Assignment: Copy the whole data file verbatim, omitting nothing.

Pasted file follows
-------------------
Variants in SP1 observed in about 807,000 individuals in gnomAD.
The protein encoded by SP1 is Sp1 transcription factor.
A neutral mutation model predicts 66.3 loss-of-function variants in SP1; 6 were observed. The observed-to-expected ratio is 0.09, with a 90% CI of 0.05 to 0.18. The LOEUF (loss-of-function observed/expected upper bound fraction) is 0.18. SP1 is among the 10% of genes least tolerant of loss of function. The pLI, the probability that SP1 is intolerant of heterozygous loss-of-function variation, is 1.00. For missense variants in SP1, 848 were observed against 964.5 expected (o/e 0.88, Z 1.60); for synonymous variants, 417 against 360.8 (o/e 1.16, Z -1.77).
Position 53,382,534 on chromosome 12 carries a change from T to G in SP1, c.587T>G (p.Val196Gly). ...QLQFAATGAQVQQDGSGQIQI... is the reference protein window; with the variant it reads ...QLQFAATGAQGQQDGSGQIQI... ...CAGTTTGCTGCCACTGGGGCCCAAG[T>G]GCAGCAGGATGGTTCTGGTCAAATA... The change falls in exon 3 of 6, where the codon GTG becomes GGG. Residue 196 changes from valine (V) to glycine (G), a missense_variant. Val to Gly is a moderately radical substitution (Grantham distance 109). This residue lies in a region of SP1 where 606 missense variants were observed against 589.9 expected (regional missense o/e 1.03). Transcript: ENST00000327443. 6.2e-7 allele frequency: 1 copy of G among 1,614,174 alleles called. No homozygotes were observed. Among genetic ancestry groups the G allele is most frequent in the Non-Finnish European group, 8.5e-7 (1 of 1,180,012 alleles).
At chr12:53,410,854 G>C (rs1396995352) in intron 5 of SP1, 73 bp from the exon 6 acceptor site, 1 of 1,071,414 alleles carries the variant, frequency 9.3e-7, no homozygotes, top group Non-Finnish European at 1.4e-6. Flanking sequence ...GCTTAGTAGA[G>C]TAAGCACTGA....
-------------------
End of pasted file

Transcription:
Variants in SP1 observed in about 807,000 individuals in gnomAD.
The protein encoded by SP1 is Sp1 transcription factor.
A neutral mutation model predicts 66.3 loss-of-function variants in SP1; 6 were observed. The observed-to-expected ratio is 0.09, with a 90% CI of 0.05 to 0.18. The LOEUF (loss-of-function observed/expected upper bound fraction) is 0.18. SP1 is among the 10% of genes least tolerant of loss of function. The pLI, the probability that SP1 is intolerant of heterozygous loss-of-function variation, is 1.00. For missense variants in SP1, 848 were observed against 964.5 expected (o/e 0.88, Z 1.60); for synonymous variants, 417 against 360.8 (o/e 1.16, Z -1.77).
Position 53,382,534 on chromosome 12 carries a change from T to G in SP1, c.587T>G (p.Val196Gly). ...QLQFAATGAQVQQDGSGQIQI... is the reference protein window; with the variant it reads ...QLQFAATGAQGQQDGSGQIQI... ...CAGTTTGCTGCCACTGGGGCCCAAG[T>G]GCAGCAGGATGGTTCTGGTCAAATA... The change falls in exon 3 of 6, where the codon GTG becomes GGG. Residue 196 changes from valine (V) to glycine (G), a missense_variant. Val to Gly is a moderately radical substitution (Grantham distance 109). This residue lies in a region of SP1 where 606 missense variants were observed against 589.9 expected (regional missense o/e 1.03). Transcript: ENST00000327443. 6.2e-7 allele frequency: 1 copy of G among 1,614,174 alleles called. No homozygotes were observed. Among genetic ancestry groups the G allele is most frequent in the Non-Finnish European group, 8.5e-7 (1 of 1,180,012 alleles).
At chr12:53,410,854 G>C (rs1396995352) in intron 5 of SP1, 73 bp from the exon 6 acceptor site, 1 of 1,071,414 alleles carries the variant, frequency 9.3e-7, no homozygotes, top group Non-Finnish European at 1.4e-6. Flanking sequence ...GCTTAGTAGA[G>C]TAAGCACTGA....